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Computational design of hierarchical porous materials

The aim of the project is to develop coarse-grained mesoscale models of synthesis solutions from higher-level quantum chemistry and atomistic simulations, then apply them to predict the structure of porous materials.

Number of places



12 February 2018


3 years


Students applying should have (or expect to achieve) a minimum 2.1 undergraduate degree in a relevant engineering/science discipline, and be highly motivated to undertake multidisciplinary research.

Project Details

Materials that are porous at the nanoscale are used in a wide variety of applications, like gas separation, carbon capture, catalysis and drug delivery. Such applications benefit from the strong gas-surface interactions present in very small pores, which control, for example, equilibrium selectivity in adsorption applications. The main drawback of these small pore networks, however, is that the kinetics tends to be slow, limiting their applicability in industrial and biological processes. Recently, a new class of materials is being investigated to circumvent these limitations – hierarchical porous materials (HPM), such as mesoporous zeolites or bioinspired silica. The typical porous network of HPM combines small nanopores that afford high affinity towards specific gases with wider mesopores that provide efficient molecular transport through the material.

In order to fulfill the full potential of HPM, we need to be able to understand and control their synthesis process, and then be able to predict their performance in a particular application. This can only be achieved through multi-scale modelling techniques that are able to connect the different length scales of the process (from small molecular precursors to a large three-dimensional porous framework) over the necessary time scales (from chemical reactions to mesostructure self-assembly). This project will build upon a recently developed approach in the Jorge group that is able to simulate the formation of periodic mesoporous silica materials from solution [1-3], extending it to the design of hierarchical porous silica materials. The idea is to develop coarse-grained mesoscale models of the synthesis solution from higher-level quantum chemistry and atomistic simulations, then apply them to predict the structure of the porous material at different synthesis conditions. The complex nature of the pore network of HPM poses particular challenges for modelling, which will suit a highly motivated, creative and independent student, preferably with experience in the use of computational modelling methods.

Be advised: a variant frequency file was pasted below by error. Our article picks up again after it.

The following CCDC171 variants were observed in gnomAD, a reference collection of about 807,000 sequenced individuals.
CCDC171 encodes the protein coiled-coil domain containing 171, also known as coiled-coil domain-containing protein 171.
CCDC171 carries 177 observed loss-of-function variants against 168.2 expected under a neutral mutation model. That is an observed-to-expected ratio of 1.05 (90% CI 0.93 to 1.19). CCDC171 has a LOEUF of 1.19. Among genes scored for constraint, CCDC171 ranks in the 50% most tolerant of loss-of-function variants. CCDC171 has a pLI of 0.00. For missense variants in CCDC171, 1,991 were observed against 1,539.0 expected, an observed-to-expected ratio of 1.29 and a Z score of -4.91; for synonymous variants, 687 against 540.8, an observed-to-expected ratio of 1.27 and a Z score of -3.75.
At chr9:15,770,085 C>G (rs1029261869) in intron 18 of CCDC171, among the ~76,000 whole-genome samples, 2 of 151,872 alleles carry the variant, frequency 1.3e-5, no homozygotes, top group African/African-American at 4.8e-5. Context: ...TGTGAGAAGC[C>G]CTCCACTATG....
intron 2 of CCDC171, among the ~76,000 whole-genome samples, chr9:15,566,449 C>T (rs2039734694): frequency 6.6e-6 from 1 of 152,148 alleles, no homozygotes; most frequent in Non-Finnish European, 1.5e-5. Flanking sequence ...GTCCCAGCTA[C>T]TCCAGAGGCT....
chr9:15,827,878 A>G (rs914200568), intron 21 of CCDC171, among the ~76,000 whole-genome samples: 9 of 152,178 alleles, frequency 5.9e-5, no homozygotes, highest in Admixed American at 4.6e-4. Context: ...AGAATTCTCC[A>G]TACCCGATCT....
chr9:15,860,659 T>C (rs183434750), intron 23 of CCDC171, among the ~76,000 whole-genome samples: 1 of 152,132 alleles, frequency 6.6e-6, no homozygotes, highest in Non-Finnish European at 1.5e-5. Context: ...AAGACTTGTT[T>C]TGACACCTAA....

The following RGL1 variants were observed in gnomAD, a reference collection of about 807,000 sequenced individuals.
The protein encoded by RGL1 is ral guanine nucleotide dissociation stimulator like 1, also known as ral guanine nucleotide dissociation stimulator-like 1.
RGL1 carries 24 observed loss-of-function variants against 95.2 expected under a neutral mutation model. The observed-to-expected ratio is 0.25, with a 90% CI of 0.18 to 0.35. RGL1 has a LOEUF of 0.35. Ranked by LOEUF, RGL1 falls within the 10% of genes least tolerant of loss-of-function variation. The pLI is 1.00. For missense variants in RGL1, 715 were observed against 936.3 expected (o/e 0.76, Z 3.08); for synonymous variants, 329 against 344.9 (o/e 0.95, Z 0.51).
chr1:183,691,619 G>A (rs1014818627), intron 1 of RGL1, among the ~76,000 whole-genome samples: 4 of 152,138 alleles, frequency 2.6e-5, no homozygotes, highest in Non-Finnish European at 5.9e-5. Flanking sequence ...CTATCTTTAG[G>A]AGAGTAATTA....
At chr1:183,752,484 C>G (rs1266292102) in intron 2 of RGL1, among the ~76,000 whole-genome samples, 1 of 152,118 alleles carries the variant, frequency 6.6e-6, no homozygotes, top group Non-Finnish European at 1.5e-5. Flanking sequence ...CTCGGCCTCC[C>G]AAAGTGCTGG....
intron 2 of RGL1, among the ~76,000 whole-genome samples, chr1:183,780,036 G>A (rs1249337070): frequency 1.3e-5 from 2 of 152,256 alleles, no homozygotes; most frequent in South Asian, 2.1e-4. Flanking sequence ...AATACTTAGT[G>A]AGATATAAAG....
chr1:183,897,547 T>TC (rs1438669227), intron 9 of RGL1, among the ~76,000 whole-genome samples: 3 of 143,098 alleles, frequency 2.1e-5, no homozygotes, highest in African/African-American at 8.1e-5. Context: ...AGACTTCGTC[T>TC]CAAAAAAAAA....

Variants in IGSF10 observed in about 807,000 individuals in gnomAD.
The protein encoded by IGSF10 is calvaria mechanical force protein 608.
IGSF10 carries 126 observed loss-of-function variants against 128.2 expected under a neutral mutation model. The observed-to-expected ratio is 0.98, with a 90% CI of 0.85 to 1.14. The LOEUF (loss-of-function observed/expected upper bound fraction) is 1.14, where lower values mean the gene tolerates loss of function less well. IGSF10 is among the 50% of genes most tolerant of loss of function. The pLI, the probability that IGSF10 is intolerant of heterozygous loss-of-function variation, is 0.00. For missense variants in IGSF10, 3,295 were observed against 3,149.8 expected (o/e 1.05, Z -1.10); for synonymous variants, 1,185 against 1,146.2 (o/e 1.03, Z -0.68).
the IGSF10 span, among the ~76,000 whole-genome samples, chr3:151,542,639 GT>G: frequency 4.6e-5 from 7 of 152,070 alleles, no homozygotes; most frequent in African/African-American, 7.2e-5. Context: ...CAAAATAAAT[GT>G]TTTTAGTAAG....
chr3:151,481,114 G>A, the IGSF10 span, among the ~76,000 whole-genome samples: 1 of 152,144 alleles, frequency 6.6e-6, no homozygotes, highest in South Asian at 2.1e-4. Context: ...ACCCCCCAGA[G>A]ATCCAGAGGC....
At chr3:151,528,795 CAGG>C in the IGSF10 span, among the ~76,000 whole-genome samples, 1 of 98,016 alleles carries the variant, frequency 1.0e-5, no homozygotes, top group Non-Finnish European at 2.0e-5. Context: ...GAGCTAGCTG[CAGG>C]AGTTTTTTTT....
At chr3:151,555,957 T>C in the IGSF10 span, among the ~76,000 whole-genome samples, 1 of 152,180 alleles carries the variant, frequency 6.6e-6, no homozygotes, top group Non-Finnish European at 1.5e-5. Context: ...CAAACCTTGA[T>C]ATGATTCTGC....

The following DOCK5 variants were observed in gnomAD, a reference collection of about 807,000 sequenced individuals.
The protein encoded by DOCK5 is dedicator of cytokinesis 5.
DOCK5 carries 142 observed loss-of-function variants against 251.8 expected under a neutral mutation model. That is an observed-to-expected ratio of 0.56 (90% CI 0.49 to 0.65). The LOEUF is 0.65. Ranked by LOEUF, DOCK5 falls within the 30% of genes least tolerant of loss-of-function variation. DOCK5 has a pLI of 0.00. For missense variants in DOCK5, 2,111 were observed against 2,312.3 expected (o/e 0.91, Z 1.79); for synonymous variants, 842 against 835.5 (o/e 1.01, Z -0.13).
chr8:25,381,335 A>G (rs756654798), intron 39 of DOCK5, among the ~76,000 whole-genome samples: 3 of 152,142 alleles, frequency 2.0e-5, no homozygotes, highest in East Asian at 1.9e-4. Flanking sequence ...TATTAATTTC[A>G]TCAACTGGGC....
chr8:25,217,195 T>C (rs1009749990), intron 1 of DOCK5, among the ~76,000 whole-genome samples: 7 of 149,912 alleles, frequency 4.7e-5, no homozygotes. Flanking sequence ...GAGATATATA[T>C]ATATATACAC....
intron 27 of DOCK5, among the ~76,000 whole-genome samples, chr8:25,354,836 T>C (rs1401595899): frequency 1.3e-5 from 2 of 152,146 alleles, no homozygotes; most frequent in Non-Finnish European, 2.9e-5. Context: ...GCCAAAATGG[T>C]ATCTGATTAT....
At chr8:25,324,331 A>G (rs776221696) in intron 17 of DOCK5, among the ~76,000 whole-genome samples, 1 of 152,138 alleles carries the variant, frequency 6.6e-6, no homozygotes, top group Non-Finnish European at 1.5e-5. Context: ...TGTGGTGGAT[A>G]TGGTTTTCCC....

The work will benefit from access to the Archie-West supercomputer and from the vibrant modelling community at Strathclyde’s Chemical and Process Engineering Department. The student will work collaboratively with leading research groups, nationally and internationally, involved in the experimental synthesis of porous materials and in materials modelling. In addition to undertaking cutting edge research, students are also registered for the Postgraduate Certificate in Researcher Development (PGCert), which is a supplementary qualification that develops a student’s skills, networks and career prospects.

Funding Details

This PhD project is initially offered on a self-funding basis. It is open to applicants with their own funding, or those applying to funding sources. However, excellent candidates will be eligible to be considered for a University scholarship.

Contact us

Ms Jacqueline Brown

+44(0) 141 574 5319´╗┐

James Weir Building, 75 Montrose Street, Glasgow, G1 1XJ

How to apply

Apply for this PhD project here.

Please quote the project title in your application.